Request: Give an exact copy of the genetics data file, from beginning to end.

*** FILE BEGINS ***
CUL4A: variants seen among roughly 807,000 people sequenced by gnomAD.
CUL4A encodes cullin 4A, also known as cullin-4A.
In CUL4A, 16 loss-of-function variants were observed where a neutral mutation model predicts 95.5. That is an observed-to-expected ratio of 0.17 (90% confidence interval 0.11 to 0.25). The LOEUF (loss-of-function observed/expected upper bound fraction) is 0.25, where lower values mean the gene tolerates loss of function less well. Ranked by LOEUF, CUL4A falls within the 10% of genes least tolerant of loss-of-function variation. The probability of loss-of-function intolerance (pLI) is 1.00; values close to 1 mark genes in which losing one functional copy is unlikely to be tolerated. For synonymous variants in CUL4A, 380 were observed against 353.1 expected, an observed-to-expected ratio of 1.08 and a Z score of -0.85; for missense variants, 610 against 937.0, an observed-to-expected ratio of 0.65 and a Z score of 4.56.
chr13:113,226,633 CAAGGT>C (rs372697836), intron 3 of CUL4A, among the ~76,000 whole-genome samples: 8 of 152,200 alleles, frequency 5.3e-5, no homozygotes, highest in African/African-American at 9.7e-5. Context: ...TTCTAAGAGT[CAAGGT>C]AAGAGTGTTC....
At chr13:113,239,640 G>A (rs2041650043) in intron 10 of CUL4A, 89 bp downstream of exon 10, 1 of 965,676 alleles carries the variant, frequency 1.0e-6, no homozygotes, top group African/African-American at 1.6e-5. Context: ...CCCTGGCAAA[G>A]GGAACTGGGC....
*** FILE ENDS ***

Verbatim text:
CUL4A: variants seen among roughly 807,000 people sequenced by gnomAD.
CUL4A encodes cullin 4A, also known as cullin-4A.
In CUL4A, 16 loss-of-function variants were observed where a neutral mutation model predicts 95.5. That is an observed-to-expected ratio of 0.17 (90% confidence interval 0.11 to 0.25). The LOEUF (loss-of-function observed/expected upper bound fraction) is 0.25, where lower values mean the gene tolerates loss of function less well. Ranked by LOEUF, CUL4A falls within the 10% of genes least tolerant of loss-of-function variation. The probability of loss-of-function intolerance (pLI) is 1.00; values close to 1 mark genes in which losing one functional copy is unlikely to be tolerated. For synonymous variants in CUL4A, 380 were observed against 353.1 expected, an observed-to-expected ratio of 1.08 and a Z score of -0.85; for missense variants, 610 against 937.0, an observed-to-expected ratio of 0.65 and a Z score of 4.56.
chr13:113,226,633 CAAGGT>C (rs372697836), intron 3 of CUL4A, among the ~76,000 whole-genome samples: 8 of 152,200 alleles, frequency 5.3e-5, no homozygotes, highest in African/African-American at 9.7e-5. Context: ...TTCTAAGAGT[CAAGGT>C]AAGAGTGTTC....
At chr13:113,239,640 G>A (rs2041650043) in intron 10 of CUL4A, 89 bp downstream of exon 10, 1 of 965,676 alleles carries the variant, frequency 1.0e-6, no homozygotes, top group African/African-American at 1.6e-5. Context: ...CCCTGGCAAA[G>A]GGAACTGGGC....